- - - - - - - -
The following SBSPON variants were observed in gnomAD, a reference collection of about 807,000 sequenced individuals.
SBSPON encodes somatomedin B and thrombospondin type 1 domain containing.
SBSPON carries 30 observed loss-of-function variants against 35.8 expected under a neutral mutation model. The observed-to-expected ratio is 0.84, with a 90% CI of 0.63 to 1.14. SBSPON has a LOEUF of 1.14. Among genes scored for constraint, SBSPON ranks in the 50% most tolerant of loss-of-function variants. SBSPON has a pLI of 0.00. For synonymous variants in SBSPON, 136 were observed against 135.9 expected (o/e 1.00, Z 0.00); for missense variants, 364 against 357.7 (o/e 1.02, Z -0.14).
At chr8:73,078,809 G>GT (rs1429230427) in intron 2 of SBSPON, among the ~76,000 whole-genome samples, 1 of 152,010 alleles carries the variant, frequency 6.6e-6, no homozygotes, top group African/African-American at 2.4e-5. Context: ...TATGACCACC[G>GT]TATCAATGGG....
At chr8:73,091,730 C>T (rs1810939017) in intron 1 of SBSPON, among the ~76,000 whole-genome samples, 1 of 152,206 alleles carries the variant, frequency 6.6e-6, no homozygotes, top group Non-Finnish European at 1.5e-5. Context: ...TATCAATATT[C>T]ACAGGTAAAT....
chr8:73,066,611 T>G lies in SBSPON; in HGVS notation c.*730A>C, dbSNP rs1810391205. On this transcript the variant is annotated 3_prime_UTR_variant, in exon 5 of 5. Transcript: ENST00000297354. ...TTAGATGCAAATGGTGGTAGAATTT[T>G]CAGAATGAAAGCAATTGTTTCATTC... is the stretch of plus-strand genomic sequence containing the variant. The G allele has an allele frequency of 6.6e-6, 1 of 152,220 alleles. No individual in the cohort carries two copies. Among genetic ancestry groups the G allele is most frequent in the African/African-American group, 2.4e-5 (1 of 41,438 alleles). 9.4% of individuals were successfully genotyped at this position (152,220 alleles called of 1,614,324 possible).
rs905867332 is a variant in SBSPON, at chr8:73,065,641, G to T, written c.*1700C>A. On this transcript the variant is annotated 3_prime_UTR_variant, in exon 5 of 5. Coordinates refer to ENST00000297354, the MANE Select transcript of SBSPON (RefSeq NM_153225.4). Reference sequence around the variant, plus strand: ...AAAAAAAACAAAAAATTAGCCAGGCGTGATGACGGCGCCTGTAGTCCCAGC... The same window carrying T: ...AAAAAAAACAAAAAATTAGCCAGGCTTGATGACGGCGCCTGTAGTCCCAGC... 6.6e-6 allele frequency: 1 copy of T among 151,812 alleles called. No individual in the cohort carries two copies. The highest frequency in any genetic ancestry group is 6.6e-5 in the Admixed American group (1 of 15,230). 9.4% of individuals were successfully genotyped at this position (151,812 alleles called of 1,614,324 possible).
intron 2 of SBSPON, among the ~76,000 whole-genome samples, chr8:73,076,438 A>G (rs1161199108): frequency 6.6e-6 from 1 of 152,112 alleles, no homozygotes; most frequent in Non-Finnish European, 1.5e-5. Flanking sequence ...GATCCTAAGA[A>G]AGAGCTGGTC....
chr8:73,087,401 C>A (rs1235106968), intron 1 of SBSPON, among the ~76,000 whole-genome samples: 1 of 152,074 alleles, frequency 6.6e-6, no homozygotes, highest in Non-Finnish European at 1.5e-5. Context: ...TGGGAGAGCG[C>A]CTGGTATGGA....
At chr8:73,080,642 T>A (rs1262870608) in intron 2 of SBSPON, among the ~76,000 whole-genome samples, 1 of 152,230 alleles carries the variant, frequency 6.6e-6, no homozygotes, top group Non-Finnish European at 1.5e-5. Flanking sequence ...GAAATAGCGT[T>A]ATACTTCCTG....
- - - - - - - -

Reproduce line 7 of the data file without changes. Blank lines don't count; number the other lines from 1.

rs905867332 is a variant in SBSPON, at chr8:73,065,641, G to T, written c.*1700C>A. On this transcript the variant is annotated 3_prime_UTR_variant, in exon 5 of 5. Coordinates refer to ENST00000297354, the MANE Select transcript of SBSPON (RefSeq NM_153225.4). Reference sequence around the variant, plus strand: ...AAAAAAAACAAAAAATTAGCCAGGCGTGATGACGGCGCCTGTAGTCCCAGC... The same window carrying T: ...AAAAAAAACAAAAAATTAGCCAGGCTTGATGACGGCGCCTGTAGTCCCAGC... 6.6e-6 allele frequency: 1 copy of T among 151,812 alleles called. No individual in the cohort carries two copies. The highest frequency in any genetic ancestry group is 6.6e-5 in the Admixed American group (1 of 15,230). 9.4% of individuals were successfully genotyped at this position (151,812 alleles called of 1,614,324 possible).